The firm is design-build, but “design-driven,” whether it’s swimming pools, outdoor lighting, patios, decks and driveways or planting and irrigation. Some clients seek out only their design expertise, but most clients also choose Garden Concepts for the installation. The firm has a network of competent subcontractors, allowing the flexibility to handle many different landscape elements and also work on projects out of its immediate geographic area.






Garden Concepts tore up the old driveway and replaced it with 5,300 square feet of brick. The drop toward the street required a grade beam to support the driveway. A decorative brick circle is being prepared below.







Timothy Thoelecke Jr., is the firm’s president and founder. He is the past-president and certified member of the Association of Professional Landscape Designers (APLD), a certified arborist; a full member of the American Society of Landscape Architects; and serves on the board of the Landscape Design Association. He’s a member of the Garden Writers Association (GWA) and has written for Landscape Architect and Specifier News, Pool & Spa News, American Nurseryman and Crain ’s Chicago Business. He lectures at industry conferences, and has addressed the Morton Arboretum and Chicago Botanic Garden.

He was recently hired to provide text for an upcoming landscape book from the “This Old House” television program, and has consulted or provided illustrations or text for five Sunset Books publications, including Garden and Patio Living Spaces (1999), Entryways (1998), Water Gardens (1997), The Complete Deck Book (1996), and Making the Most of Your Own Backyard (1996).

The Garden Concept team includes:

Barb Lothian, the vice president of administration, who has run the office since 1995. She handles the daily business operations, including the bookkeeping, payroll, contracts, invoicing, material takeoffs and permit applications.

Tracey Farrish, director of landscape operations, oversees each project. She handles bidding, scheduling and many on-site decisions. Her strong design background gives her a knack for preventing problems before they develop.

Kristi Robinson, an RLA in Illinois with 15 years of experience, directs the landscape operations. She received her BLA from Michigan State University and minored in business. Tracey also studied at the Gloucester School of Arts and Technology in England.



Plantings



Bulbs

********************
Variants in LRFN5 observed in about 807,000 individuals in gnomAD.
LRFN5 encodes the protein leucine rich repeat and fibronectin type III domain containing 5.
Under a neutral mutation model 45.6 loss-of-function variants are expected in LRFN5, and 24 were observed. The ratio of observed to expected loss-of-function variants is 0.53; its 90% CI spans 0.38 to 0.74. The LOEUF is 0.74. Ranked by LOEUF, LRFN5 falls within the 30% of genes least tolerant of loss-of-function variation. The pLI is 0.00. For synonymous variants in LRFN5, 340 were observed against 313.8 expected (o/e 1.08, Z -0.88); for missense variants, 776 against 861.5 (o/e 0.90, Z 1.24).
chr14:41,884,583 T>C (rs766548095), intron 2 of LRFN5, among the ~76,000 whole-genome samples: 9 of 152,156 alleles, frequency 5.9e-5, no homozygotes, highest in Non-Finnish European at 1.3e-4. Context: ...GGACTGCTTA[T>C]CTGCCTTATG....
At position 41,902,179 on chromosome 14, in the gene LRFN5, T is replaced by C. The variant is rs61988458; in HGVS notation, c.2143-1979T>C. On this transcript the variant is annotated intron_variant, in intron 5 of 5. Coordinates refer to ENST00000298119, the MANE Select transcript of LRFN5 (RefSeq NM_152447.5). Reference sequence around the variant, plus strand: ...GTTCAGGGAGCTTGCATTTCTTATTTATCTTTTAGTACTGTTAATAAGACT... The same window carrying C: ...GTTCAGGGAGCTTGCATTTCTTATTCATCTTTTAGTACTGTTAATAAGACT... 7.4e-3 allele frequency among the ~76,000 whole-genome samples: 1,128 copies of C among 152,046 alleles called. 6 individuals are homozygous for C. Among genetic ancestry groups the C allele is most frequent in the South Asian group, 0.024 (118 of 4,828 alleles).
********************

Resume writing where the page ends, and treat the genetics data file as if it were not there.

Allium moly, onion/chive

Herbaceous Perennials
Ajuga reptans, bugleweed
Astilbe arendsii, false goatsbeard
Astilbe japonica, false spirea
Euonymus fortunei, purple leaf winter creeper
Geranium sanguineum, cranesbill
Hemerocallis, daylily
(happy returns, little wine cup
Heuchera micrantha, coral bells
Hosta sieboldiana, funkia
Iris siberica, Siberian iris
Penstemon digitalis, beardtongue
Sedum x, showy stonecrop
Alpine Veronica
Waldsteinia ternate, barren strawberry

Shrubs: Broadleaf Evergreens
Buxus koreana, green mountain boxwood
Euonymus fortunei, big leaf wintercreeper

Shrubs: Conifers
Juniperus chinensis,
Kallay’s compact Pfitzer juniper
Taxus x media, dense yew

Shrubs: Deciduous
Aronia arbutifolia, red chokeberry
Cornus alba, variegated dogwood
Cotoneaster apiculatus, cranberry cotoneaster
Fothergilla gardenii, dward fothergilla
Hydrangea paniculata, tardiva hydrangea
Hypericum kalamianum, St. John’s wort
Rhus aromatica, gro-low fragrant sumac
Rosa, polyantha rose
Rosa var. noatraum, flower carpet rose
Spirea x bumalda, froebelli spirea
Syringa patula, Miss Kim lilac
Viburnum trilobum, American cranberry bush
Viburnum x juddii, Judd viburnum

Trees: Conifers
Picea abies, Norway spruce

Trees: Ornamental
Amelanchier x grandiflora, apple serviceberry
Crataegua crusgalli, thornless cockspur Hawthorn
Malus floribunda, Japanese flowering crabapple
Malus sieboldii zumi, Zumi crab
Malus x Donald Wyman
Malus x red jewel

Tree: Shade
Acer saccharum, green mountain sugar maple
Betula nigra, river birch
Fagus sylvatica, European beech



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November 13, 2019, 7:37 pm PDT